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PBM Quick Start

 
 

What is Quick Start?

Quick Start is a resource that helps you be successful sooner by:

  • connecting you with the big picture of Principle Based Management (PBM) and a handful of principles that are core to everything we do at Koch Companies. 
     

  • introducing you to the five dimensions (the organizing structure of our principle-based framework) and the following principles: Principle-Based vs. Rule-Based, Mutual Benefit, Contribution Motivated, Respect – Treating People as Individuals, and Challenge.
     

  • sparking your application of PBM by providing examples and suggestions for you to try things on your own while you learn a lot from other sources, like your supervisor and teammates.

 

You Choose: Self-Guided, Facilitated or Some of Each

For each topic in Quick Start, there is a self-guided and a facilitated option. You can even do a combination of both. Regardless of which you choose, the key points and learning objectives are the same, so choose the approach that works best for you. 

One last thing…Quick Start is not a sprint! You are encouraged to take time between topics to digest the content, talk with your supervisor and others who can help you learn, and apply the principles.

SELF-GUIDED

Choose your own pace through a digital learning path.

 

FACILITATED SESSIONS

Register to participate in live, online sessions* with other employees and a PBM facilitator.

*Facilitated sessions are one hour and only available to Koch employees.

 
 
 

PRINCIPLE-BASED VS. RULE-BASED

At Koch, our principles guide everything including visions, strategies, policies, practices, partnerships, investments and performance evaluations. These principles encourage entrepreneurship, discovery and transformation. They apply universally, whereas detailed rules and methods only work in specific applications under certain conditions, and even then tend to stifle motivation and creativity.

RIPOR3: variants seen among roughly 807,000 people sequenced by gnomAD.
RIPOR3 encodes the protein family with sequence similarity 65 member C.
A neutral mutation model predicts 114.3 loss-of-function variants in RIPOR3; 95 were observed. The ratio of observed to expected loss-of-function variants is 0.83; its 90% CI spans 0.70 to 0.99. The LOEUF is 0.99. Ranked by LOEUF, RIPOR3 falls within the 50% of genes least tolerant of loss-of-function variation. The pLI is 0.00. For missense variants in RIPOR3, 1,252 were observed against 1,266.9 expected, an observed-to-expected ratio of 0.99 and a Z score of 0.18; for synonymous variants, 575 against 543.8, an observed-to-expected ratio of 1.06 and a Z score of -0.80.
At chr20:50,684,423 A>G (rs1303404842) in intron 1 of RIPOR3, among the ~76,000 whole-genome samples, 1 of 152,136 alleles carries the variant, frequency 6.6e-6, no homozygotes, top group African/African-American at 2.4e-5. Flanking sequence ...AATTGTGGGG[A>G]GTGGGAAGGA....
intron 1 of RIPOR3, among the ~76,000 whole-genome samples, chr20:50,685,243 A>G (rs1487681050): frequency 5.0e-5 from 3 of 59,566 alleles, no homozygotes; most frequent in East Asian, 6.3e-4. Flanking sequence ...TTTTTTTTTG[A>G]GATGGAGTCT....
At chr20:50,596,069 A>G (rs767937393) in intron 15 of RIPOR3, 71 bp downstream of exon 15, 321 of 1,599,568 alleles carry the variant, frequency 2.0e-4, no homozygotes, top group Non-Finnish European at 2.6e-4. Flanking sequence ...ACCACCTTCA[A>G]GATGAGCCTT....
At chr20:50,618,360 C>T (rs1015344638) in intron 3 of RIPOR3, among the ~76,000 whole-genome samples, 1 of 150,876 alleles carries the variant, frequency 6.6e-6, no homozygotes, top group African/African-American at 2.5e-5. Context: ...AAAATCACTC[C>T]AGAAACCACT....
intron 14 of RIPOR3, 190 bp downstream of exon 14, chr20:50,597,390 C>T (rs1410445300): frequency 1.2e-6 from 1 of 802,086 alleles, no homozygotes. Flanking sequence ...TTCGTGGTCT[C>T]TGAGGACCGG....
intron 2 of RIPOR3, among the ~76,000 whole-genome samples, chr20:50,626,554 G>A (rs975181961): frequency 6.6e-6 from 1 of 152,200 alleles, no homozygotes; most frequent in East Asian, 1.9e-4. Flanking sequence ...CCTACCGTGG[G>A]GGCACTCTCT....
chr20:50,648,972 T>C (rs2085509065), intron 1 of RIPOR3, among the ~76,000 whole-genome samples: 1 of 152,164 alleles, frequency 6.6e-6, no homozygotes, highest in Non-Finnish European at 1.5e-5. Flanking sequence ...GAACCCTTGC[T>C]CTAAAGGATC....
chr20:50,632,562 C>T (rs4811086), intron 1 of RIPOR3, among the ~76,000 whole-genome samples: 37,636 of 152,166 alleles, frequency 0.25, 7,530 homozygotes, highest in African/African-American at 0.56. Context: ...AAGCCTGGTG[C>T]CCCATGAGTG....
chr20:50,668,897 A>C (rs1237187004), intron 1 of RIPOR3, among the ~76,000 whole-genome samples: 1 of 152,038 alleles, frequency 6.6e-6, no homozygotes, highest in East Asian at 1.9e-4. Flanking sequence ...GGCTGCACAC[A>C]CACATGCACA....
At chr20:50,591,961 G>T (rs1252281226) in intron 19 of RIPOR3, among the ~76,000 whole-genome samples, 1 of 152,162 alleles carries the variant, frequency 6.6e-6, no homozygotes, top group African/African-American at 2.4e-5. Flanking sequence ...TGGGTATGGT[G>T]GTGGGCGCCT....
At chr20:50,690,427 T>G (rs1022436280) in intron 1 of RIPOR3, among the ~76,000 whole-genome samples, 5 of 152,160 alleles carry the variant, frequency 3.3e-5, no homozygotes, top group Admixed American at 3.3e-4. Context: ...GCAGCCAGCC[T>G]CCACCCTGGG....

A principle-based approach is not an absence of rules. But when policies, processes or procedures are necessary, they must be judged against general principles. We expect them to be continually challenged and improved – or eliminated when they undermine progress.

 

Why Is This Important? 

Having a principle-based approach frees everyone to think and innovate – to develop different methods and solutions – rather than mindlessly follow instructions. It creates an environment where every employee knows what to do to maximize value creation and is motivated to do it without being told.  Applying principles requires employees to be collaborative and use their judgment.

 

Understand It Better

 

Examples

These examples show what someone might think or say if they have a principle-based approach or rules-based approach to their work.

 

What Principles Do We Use in Principle Based Management?

There are dozens of principles – what we call principles of human progress – in PBM. These principles come from many sources and have been proven over time to promote peace, civility, opportunity and fulfillment.

Years ago, Charles Koch believed an organization could benefit from applying these principles as well. As the company grew, it became necessary to document and organize these principles so they could be used by everyone. Today we call this Principle Based Management.

We have learned from decades of experience that we have succeeded to the extent we have correctly applied them and failed when we haven’t. Throughout Quick Start, you’ll get to explore a handful of these principles.

 
 

Give it a Try

The power of Principle Based Management happens through application. Discussing and exploring the principle with others is one way to get started.